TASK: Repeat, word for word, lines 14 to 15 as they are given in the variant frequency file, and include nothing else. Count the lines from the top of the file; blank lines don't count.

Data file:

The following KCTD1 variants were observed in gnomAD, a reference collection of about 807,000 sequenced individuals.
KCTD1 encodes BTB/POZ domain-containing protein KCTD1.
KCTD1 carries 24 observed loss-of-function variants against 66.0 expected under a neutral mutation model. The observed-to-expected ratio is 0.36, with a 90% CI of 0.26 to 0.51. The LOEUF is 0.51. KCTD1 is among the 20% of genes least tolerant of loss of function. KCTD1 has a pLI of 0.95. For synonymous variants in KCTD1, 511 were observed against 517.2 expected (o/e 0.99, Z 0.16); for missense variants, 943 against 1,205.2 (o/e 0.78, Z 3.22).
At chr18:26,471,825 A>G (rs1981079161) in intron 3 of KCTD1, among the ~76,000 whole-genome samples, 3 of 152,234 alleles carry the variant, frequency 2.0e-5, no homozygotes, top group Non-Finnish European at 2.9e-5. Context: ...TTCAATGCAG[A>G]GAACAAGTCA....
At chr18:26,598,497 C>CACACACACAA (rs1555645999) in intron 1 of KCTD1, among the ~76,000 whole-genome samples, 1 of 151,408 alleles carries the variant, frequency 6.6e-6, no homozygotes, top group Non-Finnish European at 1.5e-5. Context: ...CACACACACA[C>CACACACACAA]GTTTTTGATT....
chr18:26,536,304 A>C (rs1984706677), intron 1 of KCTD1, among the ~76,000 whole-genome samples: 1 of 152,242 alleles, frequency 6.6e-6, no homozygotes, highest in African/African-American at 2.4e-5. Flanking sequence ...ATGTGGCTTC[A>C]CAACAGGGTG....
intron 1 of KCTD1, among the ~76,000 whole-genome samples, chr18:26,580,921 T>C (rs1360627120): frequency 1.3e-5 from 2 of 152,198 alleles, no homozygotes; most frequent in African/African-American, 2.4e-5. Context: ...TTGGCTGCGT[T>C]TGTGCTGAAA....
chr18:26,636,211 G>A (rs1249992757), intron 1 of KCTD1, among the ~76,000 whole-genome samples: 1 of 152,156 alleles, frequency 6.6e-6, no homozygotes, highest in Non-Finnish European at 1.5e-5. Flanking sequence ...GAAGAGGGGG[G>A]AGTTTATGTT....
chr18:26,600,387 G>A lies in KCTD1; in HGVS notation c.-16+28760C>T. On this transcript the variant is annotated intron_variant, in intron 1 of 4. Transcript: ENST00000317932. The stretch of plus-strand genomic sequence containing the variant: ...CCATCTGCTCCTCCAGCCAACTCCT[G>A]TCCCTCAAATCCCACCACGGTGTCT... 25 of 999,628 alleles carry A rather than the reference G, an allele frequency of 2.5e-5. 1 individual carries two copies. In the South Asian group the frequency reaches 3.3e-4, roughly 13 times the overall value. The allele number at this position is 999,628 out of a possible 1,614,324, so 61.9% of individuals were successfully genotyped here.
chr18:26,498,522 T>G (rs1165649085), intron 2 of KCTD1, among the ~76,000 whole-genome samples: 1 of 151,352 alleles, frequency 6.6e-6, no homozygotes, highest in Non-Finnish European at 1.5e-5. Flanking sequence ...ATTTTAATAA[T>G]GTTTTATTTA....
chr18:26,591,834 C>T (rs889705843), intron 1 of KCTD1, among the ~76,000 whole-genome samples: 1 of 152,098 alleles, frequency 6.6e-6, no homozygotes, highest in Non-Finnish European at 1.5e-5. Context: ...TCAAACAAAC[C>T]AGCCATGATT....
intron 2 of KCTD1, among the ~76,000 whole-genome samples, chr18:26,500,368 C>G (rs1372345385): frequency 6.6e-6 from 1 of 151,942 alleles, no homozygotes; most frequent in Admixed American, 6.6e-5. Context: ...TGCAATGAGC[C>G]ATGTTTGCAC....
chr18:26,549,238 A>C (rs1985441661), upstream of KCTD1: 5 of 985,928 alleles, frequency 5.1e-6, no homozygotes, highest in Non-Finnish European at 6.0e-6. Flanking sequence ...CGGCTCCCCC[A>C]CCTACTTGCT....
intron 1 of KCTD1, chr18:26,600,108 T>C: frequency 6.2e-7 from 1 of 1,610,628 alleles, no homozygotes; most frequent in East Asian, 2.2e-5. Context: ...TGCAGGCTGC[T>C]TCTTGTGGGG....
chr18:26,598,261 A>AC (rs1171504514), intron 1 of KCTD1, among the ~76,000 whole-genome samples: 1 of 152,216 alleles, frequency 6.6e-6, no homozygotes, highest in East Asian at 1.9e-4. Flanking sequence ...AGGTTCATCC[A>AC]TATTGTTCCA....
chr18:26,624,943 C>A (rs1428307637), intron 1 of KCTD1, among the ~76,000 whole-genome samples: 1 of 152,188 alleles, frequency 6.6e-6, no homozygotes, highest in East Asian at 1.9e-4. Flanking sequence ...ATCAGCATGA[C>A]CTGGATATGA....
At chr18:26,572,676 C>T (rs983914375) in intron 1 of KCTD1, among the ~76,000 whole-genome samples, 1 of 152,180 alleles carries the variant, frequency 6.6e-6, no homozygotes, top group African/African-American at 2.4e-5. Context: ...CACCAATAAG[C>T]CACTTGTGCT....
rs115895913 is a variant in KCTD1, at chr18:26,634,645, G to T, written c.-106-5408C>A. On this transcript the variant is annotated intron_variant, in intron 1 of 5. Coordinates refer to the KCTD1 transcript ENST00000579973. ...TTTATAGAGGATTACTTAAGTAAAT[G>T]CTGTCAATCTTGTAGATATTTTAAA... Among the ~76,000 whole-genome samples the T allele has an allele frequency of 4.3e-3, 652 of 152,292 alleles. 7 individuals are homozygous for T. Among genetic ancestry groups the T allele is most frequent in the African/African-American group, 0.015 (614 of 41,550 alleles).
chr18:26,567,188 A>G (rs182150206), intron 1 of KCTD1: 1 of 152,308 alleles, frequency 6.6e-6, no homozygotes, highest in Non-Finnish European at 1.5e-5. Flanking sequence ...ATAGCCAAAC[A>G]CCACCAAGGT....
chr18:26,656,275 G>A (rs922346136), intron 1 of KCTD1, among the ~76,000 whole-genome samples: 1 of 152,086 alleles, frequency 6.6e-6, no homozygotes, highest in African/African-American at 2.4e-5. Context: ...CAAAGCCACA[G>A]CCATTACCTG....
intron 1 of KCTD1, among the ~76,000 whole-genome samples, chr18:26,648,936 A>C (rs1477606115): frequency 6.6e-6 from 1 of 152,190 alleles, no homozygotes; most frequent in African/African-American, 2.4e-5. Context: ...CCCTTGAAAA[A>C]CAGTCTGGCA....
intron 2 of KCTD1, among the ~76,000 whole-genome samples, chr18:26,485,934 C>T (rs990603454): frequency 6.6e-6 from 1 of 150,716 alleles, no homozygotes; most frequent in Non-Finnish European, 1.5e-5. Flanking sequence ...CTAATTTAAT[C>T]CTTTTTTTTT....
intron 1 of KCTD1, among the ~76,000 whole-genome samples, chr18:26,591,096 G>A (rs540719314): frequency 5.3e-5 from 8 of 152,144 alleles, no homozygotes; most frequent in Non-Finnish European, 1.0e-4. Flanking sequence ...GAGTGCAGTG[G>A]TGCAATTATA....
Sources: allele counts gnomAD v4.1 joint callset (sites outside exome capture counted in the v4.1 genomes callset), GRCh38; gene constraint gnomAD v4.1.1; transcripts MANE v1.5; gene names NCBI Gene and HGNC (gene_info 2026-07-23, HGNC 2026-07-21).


intron 1 of KCTD1, chr18:26,600,108 T>C: frequency 6.2e-7 from 1 of 1,610,628 alleles, no homozygotes; most frequent in East Asian, 2.2e-5. Context: ...TGCAGGCTGC[T>C]TCTTGTGGGG....
chr18:26,598,261 A>AC (rs1171504514), intron 1 of KCTD1, among the ~76,000 whole-genome samples: 1 of 152,216 alleles, frequency 6.6e-6, no homozygotes, highest in East Asian at 1.9e-4. Flanking sequence ...AGGTTCATCC[A>AC]TATTGTTCCA....